2 Peter 2:1-3 (NIV)"But there were also false prophets among the people, just as there will be false teachers among you. They will secretly introduce destructive heresies, even denying the sovereign Lord who bought them—bringing swift destruction on themselves. Many will follow their shameful ways and will bring the way of truth into disrepute. In their greed these teachers will exploit you with stories they have made up. Their condemnation has long been hanging over them, and their destruction has not been sleeping. "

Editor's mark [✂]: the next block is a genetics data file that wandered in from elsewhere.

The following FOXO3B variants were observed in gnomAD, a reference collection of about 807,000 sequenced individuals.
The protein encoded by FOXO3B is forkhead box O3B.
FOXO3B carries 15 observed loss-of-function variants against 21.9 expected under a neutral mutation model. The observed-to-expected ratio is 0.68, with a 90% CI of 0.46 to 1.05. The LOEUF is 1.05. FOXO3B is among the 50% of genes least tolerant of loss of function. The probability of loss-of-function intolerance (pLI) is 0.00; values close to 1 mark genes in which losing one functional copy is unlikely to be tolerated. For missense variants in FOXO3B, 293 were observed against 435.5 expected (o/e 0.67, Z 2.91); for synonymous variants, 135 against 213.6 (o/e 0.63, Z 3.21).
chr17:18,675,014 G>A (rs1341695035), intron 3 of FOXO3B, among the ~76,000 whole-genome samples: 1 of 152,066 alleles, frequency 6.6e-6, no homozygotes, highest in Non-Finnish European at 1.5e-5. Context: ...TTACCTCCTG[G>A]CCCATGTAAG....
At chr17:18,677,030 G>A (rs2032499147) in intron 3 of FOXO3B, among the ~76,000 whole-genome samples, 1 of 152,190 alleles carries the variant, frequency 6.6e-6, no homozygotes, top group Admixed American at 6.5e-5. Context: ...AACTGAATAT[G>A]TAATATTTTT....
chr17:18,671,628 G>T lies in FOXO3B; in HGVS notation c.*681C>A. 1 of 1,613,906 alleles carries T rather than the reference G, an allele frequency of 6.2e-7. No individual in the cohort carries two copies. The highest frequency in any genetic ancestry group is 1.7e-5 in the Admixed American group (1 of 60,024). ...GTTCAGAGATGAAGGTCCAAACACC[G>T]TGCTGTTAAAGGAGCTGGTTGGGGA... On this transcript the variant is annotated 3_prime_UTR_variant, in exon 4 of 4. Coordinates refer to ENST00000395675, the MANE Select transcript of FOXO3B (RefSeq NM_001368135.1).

Cantankerously Yours and Refreshed,
Me :)


Anonymous said...

Odd how The Shack is affecting even the most dedicated Christians. Did you know the minister at Southland Christian Church recently preached about this book and said that it literally changed his life?

Angel said...

At one time, I thought I might read it. I heard some ladies at church talking about it and they were really impressed. Then I read your first post about it and realized that it wasn't the book for me. After reading your second post, I am so glad I did not bother to read this book. I think it would have just made me angry. :)

Anonymous said...